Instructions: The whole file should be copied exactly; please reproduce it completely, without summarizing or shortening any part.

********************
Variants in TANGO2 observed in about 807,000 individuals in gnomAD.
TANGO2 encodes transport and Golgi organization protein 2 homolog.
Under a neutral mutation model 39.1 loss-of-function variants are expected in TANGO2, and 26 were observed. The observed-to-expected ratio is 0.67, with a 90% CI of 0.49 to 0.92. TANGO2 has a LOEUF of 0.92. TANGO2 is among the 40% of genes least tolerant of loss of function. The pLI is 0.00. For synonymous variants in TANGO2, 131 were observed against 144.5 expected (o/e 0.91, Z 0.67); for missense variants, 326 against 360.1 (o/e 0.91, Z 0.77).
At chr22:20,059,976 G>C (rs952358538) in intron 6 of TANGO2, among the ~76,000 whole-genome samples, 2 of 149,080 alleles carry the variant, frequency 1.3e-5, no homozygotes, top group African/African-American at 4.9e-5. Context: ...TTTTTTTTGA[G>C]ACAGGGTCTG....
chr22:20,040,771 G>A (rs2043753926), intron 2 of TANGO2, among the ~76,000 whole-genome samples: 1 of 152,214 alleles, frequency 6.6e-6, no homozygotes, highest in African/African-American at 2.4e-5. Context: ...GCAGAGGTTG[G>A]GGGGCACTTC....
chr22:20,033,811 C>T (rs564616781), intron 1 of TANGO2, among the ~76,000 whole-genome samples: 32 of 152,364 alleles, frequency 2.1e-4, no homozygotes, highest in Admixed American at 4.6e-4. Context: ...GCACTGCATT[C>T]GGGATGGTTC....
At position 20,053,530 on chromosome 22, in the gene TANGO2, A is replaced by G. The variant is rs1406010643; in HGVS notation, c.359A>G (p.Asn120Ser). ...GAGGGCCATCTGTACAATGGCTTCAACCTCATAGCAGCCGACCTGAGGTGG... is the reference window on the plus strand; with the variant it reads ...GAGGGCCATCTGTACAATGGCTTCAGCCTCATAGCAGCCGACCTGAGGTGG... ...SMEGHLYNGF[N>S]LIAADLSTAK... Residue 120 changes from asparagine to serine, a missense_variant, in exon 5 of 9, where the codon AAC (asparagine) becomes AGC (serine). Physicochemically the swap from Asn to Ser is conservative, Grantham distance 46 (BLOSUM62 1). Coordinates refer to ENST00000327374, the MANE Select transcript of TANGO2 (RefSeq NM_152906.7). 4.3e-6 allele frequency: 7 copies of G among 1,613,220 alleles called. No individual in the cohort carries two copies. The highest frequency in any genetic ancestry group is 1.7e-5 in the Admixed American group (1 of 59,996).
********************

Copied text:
Variants in TANGO2 observed in about 807,000 individuals in gnomAD.
TANGO2 encodes transport and Golgi organization protein 2 homolog.
Under a neutral mutation model 39.1 loss-of-function variants are expected in TANGO2, and 26 were observed. The observed-to-expected ratio is 0.67, with a 90% CI of 0.49 to 0.92. TANGO2 has a LOEUF of 0.92. TANGO2 is among the 40% of genes least tolerant of loss of function. The pLI is 0.00. For synonymous variants in TANGO2, 131 were observed against 144.5 expected (o/e 0.91, Z 0.67); for missense variants, 326 against 360.1 (o/e 0.91, Z 0.77).
At chr22:20,059,976 G>C (rs952358538) in intron 6 of TANGO2, among the ~76,000 whole-genome samples, 2 of 149,080 alleles carry the variant, frequency 1.3e-5, no homozygotes, top group African/African-American at 4.9e-5. Context: ...TTTTTTTTGA[G>C]ACAGGGTCTG....
chr22:20,040,771 G>A (rs2043753926), intron 2 of TANGO2, among the ~76,000 whole-genome samples: 1 of 152,214 alleles, frequency 6.6e-6, no homozygotes, highest in African/African-American at 2.4e-5. Context: ...GCAGAGGTTG[G>A]GGGGCACTTC....
chr22:20,033,811 C>T (rs564616781), intron 1 of TANGO2, among the ~76,000 whole-genome samples: 32 of 152,364 alleles, frequency 2.1e-4, no homozygotes, highest in Admixed American at 4.6e-4. Context: ...GCACTGCATT[C>T]GGGATGGTTC....
At position 20,053,530 on chromosome 22, in the gene TANGO2, A is replaced by G. The variant is rs1406010643; in HGVS notation, c.359A>G (p.Asn120Ser). ...GAGGGCCATCTGTACAATGGCTTCAACCTCATAGCAGCCGACCTGAGGTGG... is the reference window on the plus strand; with the variant it reads ...GAGGGCCATCTGTACAATGGCTTCAGCCTCATAGCAGCCGACCTGAGGTGG... ...SMEGHLYNGF[N>S]LIAADLSTAK... Residue 120 changes from asparagine to serine, a missense_variant, in exon 5 of 9, where the codon AAC (asparagine) becomes AGC (serine). Physicochemically the swap from Asn to Ser is conservative, Grantham distance 46 (BLOSUM62 1). Coordinates refer to ENST00000327374, the MANE Select transcript of TANGO2 (RefSeq NM_152906.7). 4.3e-6 allele frequency: 7 copies of G among 1,613,220 alleles called. No individual in the cohort carries two copies. The highest frequency in any genetic ancestry group is 1.7e-5 in the Admixed American group (1 of 59,996).